lpstat                   To display the status all queues
lpstat -p lp0         To display the status of print queue lp0
lpstat -u root         To display the jobs submitted by user root
lpq -P lp0              To display the status of queue lp0
last                     To list all the records in the /var/adm/wtmp file
last |grep shutdown     To show the shutdown sessions
uptime (w -u )         To show how long the system has been up

Sunday, June 2, 2013

Stopping HACMP cluster services without stopping applications

You can stop cluster services without stopping services and applications.
To stop cluster services without stopping your applications:
  1. Enter the fastpath smit cl_admin or smitty hacmp.
  2. Select System Management (C-SPOC) and press Enter.
  3. Select Manage HACMP Services > Stop Cluster Services and press Enter.
  4. Choose Unmanage resource groups.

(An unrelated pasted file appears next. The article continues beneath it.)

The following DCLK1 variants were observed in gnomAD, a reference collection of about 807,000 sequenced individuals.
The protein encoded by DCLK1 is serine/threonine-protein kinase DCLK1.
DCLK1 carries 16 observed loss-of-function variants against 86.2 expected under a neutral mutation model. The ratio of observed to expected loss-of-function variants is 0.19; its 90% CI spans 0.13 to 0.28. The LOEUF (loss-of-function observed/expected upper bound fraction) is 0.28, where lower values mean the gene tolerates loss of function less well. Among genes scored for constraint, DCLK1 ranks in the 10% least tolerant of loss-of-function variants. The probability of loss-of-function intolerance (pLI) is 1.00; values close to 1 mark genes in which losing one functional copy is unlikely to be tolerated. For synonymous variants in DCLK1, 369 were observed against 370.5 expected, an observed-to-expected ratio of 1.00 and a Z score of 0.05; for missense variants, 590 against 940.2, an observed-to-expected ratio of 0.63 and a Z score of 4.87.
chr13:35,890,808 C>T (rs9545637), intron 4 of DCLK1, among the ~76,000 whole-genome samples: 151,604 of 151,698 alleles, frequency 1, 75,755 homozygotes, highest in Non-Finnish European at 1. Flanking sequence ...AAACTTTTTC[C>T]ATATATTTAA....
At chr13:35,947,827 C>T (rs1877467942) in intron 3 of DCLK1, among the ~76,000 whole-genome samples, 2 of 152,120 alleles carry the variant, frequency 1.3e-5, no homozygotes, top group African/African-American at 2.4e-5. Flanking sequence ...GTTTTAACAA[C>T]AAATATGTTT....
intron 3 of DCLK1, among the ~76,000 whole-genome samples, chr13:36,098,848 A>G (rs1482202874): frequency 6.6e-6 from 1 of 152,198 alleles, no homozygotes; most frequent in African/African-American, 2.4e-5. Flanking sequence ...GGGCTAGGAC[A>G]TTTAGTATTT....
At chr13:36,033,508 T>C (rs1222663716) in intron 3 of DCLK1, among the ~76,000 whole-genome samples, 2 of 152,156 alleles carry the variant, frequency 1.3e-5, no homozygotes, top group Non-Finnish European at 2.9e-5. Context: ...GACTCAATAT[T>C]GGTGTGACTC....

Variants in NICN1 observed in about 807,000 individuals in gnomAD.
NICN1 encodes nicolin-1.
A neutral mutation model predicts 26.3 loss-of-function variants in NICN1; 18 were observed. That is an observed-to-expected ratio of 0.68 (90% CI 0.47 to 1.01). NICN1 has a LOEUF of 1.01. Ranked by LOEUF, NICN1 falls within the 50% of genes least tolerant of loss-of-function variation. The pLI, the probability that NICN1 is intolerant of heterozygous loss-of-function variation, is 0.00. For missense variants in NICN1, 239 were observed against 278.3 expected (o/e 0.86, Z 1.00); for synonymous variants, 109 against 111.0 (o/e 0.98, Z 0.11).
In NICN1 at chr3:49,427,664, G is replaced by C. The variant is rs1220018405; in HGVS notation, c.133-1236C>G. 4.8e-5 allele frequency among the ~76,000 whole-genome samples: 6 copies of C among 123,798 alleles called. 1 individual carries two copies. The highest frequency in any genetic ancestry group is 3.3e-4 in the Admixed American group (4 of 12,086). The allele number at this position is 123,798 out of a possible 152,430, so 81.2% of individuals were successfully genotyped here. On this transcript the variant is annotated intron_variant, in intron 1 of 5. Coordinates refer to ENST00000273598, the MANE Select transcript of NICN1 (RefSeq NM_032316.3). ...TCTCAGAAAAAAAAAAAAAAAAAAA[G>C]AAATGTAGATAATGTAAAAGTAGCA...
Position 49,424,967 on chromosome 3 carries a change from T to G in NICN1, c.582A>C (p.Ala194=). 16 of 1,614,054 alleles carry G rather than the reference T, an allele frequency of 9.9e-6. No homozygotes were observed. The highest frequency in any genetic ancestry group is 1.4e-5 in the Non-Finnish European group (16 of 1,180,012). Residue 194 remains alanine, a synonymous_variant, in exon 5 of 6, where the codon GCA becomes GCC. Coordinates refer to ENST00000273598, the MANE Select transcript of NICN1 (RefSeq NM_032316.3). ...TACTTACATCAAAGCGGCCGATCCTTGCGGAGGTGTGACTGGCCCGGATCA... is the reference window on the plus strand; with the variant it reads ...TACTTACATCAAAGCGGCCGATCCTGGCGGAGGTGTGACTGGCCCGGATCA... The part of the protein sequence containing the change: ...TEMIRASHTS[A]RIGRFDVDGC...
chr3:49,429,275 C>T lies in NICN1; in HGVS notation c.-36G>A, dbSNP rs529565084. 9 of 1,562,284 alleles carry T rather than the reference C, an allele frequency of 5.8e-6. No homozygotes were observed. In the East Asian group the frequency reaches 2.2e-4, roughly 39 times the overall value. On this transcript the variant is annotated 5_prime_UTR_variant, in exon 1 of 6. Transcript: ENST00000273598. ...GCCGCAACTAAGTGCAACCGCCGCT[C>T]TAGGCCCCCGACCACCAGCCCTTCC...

No matter what type of resource group you have, if you stop cluster services on the node on which this group is active and do not stop the application that belongs to the resource group, HACMP puts the group into an UNMANAGED state and keeps the application running according to your request.
The resource group that contains the application remains in the UNMANAGED state (until you tell HACMP to start managing it again) and the application continues to run. While in this condition, HACMP and the RSCT services continue to run, providing services to ECM VGs that the application servers may be using.
You can tell HACMP to start managing it again either by restarting Cluster Services on the node, or by using SMIT to move the resource group to a node that is actively managing its resource groups. See Starting HACMP cluster services with manually managed resource groups for more information.
If you have instances of replicated resource groups using the Extended Distance capabilities of the HACMP/XD product, the UNMANAGED SECONDARY state is used for resource groups that were previously in the ONLINE SECONDARY state.